Job: A Great Man Of Faith
The Bible gives some good examples of great people of faith. One of which is the story of Job. The story of Job is the story of faith, endurance, and patience winning out against amazing odds.
Job's life proves that godliness is no defense against adversity. Although Job lived in a way that was pleasing to God, the Lord allowed Satan to test him. The most important aspect in Job's life was his faith in God. Hebrews 11:1 says, "Faith is the substance of things hoped for, the evidence of things not seen." Job had this faith and feared God (Job 1:1). The Bible tells us that he was "blameless" ("perfect," KJV), "upright," "fearing God," and "turning away from evil." In addition, Job had great prosperity. His sheep provided clothing and food; camels and donkeys provided transportation; and oxen provided food, milk, and the power for plowing. He even owned slaves (1:15-17; 31:13). It is interesting and very rare to see wealth and godliness in the same man. These two characteristics of Job's life demonstrate how great a man he was.
Job was also concerned with the spiritual condition of the next generation (1:4-5). His godly character manifested itself in his concern for the spiritual welfare of his children. He offered burnt sacrifices to the Lord to atone for the sins, whether ignorantly or presumptuously committed, by his children.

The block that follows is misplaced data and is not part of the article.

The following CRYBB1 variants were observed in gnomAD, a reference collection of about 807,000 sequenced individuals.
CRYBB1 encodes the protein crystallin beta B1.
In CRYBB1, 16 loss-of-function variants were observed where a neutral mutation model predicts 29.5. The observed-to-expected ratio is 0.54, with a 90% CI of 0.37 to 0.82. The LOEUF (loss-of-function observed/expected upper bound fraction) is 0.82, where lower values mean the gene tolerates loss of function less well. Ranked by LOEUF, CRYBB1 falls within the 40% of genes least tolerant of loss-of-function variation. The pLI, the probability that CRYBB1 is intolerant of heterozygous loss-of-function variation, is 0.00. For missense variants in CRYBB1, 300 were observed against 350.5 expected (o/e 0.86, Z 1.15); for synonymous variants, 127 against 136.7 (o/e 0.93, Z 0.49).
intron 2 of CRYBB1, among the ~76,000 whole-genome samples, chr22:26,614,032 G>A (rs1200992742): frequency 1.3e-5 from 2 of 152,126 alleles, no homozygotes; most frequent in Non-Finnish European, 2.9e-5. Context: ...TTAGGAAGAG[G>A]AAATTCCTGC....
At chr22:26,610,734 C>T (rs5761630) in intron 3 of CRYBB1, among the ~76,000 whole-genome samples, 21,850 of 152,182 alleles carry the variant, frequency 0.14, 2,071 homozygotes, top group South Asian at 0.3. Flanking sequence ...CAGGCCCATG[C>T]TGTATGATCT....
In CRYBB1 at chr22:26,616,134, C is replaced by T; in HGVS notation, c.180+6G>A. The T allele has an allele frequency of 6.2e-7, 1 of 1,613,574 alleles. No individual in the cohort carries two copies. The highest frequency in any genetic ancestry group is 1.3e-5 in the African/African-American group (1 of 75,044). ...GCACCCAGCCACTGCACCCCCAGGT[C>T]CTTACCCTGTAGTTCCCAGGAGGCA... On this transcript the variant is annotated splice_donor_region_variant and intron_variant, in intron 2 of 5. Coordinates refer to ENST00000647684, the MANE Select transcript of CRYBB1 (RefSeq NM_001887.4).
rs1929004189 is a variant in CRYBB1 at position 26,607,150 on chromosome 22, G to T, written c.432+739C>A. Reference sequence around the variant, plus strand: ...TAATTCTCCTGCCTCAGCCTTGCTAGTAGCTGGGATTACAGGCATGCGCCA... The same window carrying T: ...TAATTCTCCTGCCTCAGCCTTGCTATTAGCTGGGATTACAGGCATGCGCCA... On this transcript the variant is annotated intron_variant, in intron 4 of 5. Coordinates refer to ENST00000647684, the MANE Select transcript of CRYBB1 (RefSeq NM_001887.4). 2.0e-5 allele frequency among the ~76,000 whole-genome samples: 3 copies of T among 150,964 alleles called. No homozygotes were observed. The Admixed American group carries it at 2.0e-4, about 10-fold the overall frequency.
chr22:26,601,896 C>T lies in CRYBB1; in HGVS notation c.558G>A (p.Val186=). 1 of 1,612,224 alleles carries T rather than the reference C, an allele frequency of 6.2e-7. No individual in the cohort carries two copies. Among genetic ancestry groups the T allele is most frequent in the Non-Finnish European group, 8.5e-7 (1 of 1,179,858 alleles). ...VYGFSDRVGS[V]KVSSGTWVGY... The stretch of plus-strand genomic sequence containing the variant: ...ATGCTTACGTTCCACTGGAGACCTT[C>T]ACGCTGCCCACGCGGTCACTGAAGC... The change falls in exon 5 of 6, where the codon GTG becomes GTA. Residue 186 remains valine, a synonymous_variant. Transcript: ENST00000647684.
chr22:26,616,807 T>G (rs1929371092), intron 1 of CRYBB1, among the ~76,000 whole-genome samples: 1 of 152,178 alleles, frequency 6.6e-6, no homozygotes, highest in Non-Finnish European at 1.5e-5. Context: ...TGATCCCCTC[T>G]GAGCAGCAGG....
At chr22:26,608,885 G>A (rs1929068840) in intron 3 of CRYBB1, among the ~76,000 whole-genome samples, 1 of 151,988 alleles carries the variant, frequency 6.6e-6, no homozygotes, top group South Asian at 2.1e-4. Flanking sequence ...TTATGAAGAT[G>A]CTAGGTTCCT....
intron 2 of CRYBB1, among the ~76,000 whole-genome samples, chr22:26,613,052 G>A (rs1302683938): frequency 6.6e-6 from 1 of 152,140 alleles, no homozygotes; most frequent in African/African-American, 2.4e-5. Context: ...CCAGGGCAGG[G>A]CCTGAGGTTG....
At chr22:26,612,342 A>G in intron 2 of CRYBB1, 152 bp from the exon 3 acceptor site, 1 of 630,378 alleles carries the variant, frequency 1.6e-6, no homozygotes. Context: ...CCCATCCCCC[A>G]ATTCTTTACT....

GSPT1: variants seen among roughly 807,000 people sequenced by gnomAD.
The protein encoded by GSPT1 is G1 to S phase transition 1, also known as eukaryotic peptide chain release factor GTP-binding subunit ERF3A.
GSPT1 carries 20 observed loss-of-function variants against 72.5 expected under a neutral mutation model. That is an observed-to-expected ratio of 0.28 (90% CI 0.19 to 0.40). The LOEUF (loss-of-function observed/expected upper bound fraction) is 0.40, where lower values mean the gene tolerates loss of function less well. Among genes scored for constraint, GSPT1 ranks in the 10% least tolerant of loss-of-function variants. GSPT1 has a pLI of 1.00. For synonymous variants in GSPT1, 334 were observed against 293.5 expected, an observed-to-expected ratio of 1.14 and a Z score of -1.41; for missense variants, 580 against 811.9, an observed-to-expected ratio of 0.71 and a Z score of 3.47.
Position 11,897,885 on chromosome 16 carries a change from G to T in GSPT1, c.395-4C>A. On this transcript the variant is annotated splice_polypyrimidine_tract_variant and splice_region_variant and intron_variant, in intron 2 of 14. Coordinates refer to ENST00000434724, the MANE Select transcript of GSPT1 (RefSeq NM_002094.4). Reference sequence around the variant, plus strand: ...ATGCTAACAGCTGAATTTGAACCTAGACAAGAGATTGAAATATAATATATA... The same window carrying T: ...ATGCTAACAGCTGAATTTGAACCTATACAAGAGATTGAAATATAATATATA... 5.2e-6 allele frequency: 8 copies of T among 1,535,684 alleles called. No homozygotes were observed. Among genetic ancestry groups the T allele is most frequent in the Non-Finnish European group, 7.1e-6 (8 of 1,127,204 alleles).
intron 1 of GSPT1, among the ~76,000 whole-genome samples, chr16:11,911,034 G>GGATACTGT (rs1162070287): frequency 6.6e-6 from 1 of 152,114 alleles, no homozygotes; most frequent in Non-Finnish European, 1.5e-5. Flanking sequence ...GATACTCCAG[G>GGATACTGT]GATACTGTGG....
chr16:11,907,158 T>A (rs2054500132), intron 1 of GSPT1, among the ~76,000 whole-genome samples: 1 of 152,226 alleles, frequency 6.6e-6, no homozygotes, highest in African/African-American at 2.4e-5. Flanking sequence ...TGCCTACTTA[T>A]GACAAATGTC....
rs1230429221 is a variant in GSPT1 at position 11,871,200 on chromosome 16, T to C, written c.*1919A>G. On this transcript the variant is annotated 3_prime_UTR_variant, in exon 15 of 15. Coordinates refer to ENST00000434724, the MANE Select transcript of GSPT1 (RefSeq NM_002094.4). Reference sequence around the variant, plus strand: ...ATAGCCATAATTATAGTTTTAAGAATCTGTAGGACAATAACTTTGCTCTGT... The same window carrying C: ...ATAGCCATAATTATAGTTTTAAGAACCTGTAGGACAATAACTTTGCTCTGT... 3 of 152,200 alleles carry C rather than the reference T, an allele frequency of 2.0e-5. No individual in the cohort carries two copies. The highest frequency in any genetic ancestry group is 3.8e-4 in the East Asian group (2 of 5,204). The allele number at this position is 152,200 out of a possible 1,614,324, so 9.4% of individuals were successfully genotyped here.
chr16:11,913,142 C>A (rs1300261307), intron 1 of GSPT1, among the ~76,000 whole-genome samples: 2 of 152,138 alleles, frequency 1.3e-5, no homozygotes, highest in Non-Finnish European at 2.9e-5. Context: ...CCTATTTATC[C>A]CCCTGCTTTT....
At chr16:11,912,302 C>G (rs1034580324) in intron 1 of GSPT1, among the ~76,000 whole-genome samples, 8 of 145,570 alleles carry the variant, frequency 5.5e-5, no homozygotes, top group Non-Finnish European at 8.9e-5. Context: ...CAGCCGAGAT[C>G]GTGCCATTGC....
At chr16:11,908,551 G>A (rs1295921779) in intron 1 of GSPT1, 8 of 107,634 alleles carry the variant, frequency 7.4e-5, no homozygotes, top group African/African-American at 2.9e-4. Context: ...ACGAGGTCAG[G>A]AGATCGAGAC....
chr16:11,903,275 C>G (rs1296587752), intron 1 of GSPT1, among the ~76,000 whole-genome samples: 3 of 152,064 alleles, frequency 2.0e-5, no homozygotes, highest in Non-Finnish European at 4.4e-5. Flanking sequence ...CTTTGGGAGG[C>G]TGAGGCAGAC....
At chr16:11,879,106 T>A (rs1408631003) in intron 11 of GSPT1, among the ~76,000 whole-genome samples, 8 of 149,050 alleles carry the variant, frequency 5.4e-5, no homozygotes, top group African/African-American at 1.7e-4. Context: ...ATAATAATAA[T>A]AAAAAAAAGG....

All of the wonderful things that Job did adds to the irony of the things that the Lord allowed to happen to him. De-spite all the good things Job did, he had calamities as well.
Job was subjected to three tests. The first was to accept, without sinning, the loss of his possessions and offspring (1:6-22). The second was to endure the destruction of his health without blaming anything on God (2:1-10). The third was to endure false accusation. This is an example of God allowing one of his servants to be persecuted to prove the individual's fidelity. In each test, the author displays two scenes, one in heaven and one on earth. In heaven, Satan is making a false accusation against Job; on earth, Satan is making a terrible assault against Job.